This is not a special effect: The back of a man after receiving 100 lashes in Iran is a harsh reminder of just how abhorrent Islam finds homosexuality in Parvez Sharma's documentary, A Jihad for Love, produced by formerly in-the-closet Republican Michael Huffington.
Another festival first: Passengers director Rodrigo Garcia is unable to attend the October 31 screening of his new movie starring Anne Hathaway, so he appears via Skype.
Why Skype may not be the way to accommodate no-show guests: Garcia looms over the Newcomb stage while 6'4" David Morse, the most recognizable actor whose name you may not know and who lists The Green Mile, Dancer in the Dark and John Adams among his many film credits, barely gets in a word.
It was a dark and scary night: The unlit hill going up to McCormick Observatory makes it the perfect Halloween venue for the Kuchar brothers low-budget look at aliens.
Thank God we got out before Ascension of the Demonoids: The audience flees after sitting through George Kuchar's Blips and Mike Kuchar's Death Quest of the Ju-Ju Cults, an experience one moviegoer describes as "audience abuse."
From George Kuchar's Blips, we learn: That UFOs seem to sexually arouse humans, that pubic fashions have really trimmed down since the '70s, and that there really are men in black.
Domo arigato, Senor Arriaga: Our vote for best festival flick goes to Amores Perros– Love's a Bitch– written by Guillermo Arriaga, closely followed by his newest film, The Burning Plain.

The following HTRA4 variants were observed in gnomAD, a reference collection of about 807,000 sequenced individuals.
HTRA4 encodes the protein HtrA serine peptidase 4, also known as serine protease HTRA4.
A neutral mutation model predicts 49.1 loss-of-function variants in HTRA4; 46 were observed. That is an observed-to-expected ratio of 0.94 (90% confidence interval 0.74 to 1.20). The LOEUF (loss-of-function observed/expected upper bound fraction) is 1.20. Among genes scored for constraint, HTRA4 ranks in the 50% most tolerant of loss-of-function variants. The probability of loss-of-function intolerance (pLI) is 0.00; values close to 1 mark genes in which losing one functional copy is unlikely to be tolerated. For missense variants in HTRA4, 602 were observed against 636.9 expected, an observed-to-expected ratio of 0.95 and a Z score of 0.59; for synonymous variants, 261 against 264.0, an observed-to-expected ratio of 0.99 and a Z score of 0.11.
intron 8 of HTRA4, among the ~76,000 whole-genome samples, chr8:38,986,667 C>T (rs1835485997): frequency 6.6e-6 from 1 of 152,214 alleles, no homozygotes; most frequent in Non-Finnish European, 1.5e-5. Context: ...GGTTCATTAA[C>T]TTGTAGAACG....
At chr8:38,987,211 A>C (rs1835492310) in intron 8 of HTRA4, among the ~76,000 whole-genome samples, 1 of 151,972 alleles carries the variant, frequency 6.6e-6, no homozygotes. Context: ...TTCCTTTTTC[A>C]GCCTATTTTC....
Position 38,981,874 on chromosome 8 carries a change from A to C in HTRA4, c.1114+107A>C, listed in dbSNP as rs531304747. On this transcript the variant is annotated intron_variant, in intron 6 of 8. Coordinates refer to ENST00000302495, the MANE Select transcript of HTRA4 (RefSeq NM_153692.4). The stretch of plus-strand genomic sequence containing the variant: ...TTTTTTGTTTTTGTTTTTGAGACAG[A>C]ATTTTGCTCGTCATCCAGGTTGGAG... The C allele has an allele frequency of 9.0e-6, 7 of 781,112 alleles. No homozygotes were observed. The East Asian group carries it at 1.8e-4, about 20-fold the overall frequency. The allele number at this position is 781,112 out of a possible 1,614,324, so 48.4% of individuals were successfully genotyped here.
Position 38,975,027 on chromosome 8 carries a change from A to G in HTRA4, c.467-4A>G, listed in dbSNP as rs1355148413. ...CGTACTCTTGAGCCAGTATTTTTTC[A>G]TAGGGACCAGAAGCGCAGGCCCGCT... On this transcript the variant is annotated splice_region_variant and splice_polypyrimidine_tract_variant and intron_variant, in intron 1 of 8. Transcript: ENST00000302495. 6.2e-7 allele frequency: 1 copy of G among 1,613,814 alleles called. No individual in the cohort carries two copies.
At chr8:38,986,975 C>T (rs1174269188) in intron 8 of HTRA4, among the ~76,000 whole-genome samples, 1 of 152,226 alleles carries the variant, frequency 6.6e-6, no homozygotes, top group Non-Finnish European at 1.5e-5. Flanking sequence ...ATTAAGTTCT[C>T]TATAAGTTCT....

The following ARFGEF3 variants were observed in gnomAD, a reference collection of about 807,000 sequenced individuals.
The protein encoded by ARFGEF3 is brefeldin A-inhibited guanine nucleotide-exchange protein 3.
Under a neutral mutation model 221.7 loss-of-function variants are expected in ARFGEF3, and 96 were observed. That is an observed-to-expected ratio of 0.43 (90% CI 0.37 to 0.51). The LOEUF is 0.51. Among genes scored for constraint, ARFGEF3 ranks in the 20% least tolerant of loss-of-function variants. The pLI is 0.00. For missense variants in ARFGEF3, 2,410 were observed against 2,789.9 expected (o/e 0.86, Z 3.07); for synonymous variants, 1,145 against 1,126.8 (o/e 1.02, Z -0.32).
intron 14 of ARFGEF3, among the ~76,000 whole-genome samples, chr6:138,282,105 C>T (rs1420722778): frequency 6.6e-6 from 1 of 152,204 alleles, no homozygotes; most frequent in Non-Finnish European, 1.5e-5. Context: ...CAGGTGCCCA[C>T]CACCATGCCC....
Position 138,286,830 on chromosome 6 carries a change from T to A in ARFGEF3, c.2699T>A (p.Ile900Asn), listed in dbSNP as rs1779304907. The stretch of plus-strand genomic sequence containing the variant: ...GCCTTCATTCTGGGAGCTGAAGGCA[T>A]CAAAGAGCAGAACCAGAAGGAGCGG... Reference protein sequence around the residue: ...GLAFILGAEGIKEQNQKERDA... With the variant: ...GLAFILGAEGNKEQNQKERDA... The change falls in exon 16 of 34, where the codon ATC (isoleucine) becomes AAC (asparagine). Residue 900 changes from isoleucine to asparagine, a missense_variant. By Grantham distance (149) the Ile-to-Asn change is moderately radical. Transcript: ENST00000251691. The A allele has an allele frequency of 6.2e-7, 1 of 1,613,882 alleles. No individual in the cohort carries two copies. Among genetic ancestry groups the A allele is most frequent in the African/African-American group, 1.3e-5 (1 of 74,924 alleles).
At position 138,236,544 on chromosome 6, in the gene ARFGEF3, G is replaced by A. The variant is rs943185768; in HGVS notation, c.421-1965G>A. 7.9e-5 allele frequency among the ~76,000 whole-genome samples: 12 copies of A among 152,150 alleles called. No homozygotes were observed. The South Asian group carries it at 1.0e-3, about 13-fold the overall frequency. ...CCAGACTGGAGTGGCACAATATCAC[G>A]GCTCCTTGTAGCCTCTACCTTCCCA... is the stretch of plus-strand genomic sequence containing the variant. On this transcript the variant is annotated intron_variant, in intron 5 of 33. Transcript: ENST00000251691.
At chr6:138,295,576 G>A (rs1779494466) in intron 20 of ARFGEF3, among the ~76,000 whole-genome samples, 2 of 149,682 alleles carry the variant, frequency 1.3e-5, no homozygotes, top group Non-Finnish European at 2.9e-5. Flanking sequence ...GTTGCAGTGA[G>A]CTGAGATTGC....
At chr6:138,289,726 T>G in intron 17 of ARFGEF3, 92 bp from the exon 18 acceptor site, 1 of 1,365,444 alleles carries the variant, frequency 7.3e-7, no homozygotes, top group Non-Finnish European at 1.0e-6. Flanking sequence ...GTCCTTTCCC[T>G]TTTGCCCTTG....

Testimonial for drug legalization: Arriaga describes the "amazing" power of corruption from drug trafficking wealth that he sees in his hometown, Mexico City. A friend of his 15-year-old son is kidnapped, the teeth of the boy's driver are all pulled out before his throat is slit, and although the ransom is paid, the teen is killed. A cop who refuses a bribe receives the head of his 10-year-old son in a box.
The Arriaga method: "I think it's artificial to tell stories in a linear way," says Arriaga, and he doesn't like the three-act format either. Not surprisingly, his favorite author is William Faulkner, who lived here, and Arriaga spent nine months reading The Sound and the Fury.
How often do you hear this? Arriaga has no complaints about how directors have filmed his screenplays, and he says he's found Hollywood "a very generous community of filmmakers."
And for his sophomore directorial effort: Kim Basinger and Charlize Theron star in Arriaga's The Burning Plain, which has its U.S. premiere November 1 at the Paramount in Charlottesville.
Cormac McCarthy, Edward Hopper and hunting: Three things Tommy Lee Jones and Arriaga discovered they had in common before shooting The Three Burials of Melquiades Estrada.
Why Peter Riegert remains expressionless throughout Local Hero: "I didn't have to work because the people are so weird," he says of his co-stars in the Scottish-set cult fave of 1983, which had a 25th anniversary screening November 1. Despite his lack of animation in the movie, Riegert provides a mean imitation of the "loquacious" Burt Lancaster.
Movie we felt most guilty for not attending: The 30-minute film, The Response, in which Riegert appears, is based on transcripts from Guantanamo tribunals and is followed by a two-hour discussion on the detainee situation, which one audience member describes as being between Orwell and Kafka.
Is Hollywood open to Riegert as a director? "Um, no," he says after screening King of the Corner, and his Oscar-nominated short, By Courier, both of which he directed. "Distribution really is everything," Riegert reminds. And that's a constant festival sub-theme.